Most Hispanics vote for the Democrats for the benefits and because they identify more closely with the party. They simply don’t identify with the GOP.
Living in Mexico, I learned to my chagrin that the Republican Party doesn’t have a great reputation there.
And, to be frank, I don’t think most U.S. Latinos care enough about Fast and Furious to put a dent in Obama’s commanding lead.
But suppose it did happen? Isn’t that a double-edged sword?
Do we want Hispanics listening even more to Univision? It’s a separatist network encouraging Hispanics not to assimilate. It promotes the subversion of U.S. immigration law. Ultimately, it promotes the transformation of the historical American nation.
So maybe National Review is right about Univision being the future of American journalism—but not in the way it intended.
Fast and Furious is indeed an outrage, and Eric Holder should resign. But it’s important to point out that, even without Fast and Furious, there were already plenty of arms flowing into Mexico—and not all from the U.S.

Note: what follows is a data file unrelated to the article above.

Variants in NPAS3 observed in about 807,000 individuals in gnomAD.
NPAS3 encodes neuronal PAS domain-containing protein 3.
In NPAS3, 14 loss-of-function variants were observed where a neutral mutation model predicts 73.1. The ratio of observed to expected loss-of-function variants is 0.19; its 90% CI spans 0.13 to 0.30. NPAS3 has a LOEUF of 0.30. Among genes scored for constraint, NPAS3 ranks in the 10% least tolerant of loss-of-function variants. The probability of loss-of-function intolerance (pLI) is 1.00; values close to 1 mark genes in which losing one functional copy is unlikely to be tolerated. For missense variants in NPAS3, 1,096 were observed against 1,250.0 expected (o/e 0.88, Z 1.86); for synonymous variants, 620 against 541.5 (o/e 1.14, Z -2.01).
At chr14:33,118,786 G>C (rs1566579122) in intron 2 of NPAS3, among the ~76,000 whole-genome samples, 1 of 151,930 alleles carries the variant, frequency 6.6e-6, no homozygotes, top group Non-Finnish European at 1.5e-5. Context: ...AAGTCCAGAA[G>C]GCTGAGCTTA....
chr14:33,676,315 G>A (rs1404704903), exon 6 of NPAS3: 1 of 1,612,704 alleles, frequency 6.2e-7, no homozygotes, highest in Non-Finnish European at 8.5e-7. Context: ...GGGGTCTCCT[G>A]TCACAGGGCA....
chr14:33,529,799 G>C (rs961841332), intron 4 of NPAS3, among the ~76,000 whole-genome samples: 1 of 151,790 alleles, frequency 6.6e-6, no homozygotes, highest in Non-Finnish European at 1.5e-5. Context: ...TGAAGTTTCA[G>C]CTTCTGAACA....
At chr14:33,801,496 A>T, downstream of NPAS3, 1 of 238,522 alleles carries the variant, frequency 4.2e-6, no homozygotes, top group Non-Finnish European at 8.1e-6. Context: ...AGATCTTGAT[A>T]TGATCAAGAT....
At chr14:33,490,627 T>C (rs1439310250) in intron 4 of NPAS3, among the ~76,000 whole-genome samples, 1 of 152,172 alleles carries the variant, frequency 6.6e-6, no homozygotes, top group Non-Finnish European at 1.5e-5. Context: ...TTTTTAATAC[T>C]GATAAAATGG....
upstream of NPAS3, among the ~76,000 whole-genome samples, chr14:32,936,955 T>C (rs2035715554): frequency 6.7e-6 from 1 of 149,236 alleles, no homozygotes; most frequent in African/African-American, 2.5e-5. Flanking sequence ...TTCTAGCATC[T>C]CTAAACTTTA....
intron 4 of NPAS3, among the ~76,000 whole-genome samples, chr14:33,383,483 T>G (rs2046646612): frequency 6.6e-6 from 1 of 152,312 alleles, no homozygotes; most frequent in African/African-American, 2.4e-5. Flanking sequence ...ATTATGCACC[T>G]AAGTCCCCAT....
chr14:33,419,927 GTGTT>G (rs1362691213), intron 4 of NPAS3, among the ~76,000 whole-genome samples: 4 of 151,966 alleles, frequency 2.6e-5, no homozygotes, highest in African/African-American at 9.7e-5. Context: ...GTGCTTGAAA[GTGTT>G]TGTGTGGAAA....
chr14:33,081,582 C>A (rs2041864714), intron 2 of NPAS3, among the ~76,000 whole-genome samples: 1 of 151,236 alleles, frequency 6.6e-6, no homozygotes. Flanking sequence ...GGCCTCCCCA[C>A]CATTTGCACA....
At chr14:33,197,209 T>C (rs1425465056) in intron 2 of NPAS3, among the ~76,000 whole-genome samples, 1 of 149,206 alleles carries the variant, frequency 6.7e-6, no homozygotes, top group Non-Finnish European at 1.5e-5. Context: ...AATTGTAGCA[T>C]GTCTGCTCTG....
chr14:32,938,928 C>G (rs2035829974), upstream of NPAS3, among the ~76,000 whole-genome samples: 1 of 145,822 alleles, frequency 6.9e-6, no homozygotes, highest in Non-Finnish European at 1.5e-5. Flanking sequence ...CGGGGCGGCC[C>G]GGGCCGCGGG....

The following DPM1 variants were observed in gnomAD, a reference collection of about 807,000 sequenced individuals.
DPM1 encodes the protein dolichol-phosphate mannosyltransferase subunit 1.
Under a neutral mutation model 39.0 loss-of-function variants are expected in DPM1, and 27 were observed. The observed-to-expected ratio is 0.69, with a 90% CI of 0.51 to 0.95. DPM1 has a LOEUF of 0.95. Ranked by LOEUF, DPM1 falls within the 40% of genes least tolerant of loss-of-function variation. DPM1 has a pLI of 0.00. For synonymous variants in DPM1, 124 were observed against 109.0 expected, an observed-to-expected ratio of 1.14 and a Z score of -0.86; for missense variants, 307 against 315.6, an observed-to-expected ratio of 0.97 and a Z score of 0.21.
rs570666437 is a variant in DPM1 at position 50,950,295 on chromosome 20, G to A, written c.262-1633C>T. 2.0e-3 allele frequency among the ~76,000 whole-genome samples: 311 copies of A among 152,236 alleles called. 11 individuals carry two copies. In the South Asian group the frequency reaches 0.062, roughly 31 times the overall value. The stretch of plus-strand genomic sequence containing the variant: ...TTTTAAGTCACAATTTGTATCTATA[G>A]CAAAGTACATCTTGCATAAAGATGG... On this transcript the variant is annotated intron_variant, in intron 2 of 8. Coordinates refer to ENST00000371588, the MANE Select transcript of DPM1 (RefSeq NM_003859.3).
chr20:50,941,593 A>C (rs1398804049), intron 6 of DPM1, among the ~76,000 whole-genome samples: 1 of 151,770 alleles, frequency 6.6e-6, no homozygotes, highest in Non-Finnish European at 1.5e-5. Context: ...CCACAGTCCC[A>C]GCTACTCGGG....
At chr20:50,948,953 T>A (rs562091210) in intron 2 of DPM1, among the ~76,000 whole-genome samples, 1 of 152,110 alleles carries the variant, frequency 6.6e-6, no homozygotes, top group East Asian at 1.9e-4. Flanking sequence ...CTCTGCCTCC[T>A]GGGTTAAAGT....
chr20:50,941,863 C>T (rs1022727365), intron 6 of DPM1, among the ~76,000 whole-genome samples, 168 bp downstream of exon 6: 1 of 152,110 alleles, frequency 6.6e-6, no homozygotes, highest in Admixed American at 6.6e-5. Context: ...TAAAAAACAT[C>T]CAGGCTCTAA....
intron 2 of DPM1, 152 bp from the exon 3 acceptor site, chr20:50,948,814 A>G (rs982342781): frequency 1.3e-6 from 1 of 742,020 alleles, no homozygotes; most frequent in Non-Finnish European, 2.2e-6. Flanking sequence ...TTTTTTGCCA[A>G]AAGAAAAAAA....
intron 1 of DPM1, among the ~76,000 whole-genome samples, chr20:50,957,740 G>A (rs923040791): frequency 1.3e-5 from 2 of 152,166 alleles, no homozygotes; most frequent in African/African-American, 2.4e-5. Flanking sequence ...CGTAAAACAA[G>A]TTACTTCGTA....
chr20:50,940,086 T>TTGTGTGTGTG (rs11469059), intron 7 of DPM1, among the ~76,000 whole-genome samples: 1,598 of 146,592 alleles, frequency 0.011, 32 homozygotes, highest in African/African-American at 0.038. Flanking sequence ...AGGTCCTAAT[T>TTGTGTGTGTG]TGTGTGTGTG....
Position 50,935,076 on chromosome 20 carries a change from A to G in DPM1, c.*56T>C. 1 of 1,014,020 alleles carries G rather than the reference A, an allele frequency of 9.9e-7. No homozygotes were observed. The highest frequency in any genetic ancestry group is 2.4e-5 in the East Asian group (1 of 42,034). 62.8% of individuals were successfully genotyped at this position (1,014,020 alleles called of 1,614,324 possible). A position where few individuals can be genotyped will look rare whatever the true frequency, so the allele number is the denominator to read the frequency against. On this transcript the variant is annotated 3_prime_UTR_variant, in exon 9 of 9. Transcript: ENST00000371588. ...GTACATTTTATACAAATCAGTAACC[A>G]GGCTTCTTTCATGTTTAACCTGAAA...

The U.S.-Mexican border is porous because both the U.S. and Mexican governments want it like that. But it’s not just porous for the much-lionized illegal aliens crossing northwards—it’s also porous for drugs. And for arms moving southward.
Closing off the border would actually help Mexico—as well as saving our own country.
But that’s not what Jorge Ramos and Univision want.
American citizen Allan Wall (email him) recently moved back to the U.S.A. after many years residing in Mexico. Allan's wife is Mexican, and their two sons are bilingual. In 2005, Allan served a tour of duty in Iraq with the Texas Army National Guard. His VDARE.COM articles are archived here; his Mexidata.info articles are archived here; his News With Views columns are archived here; and his website is here.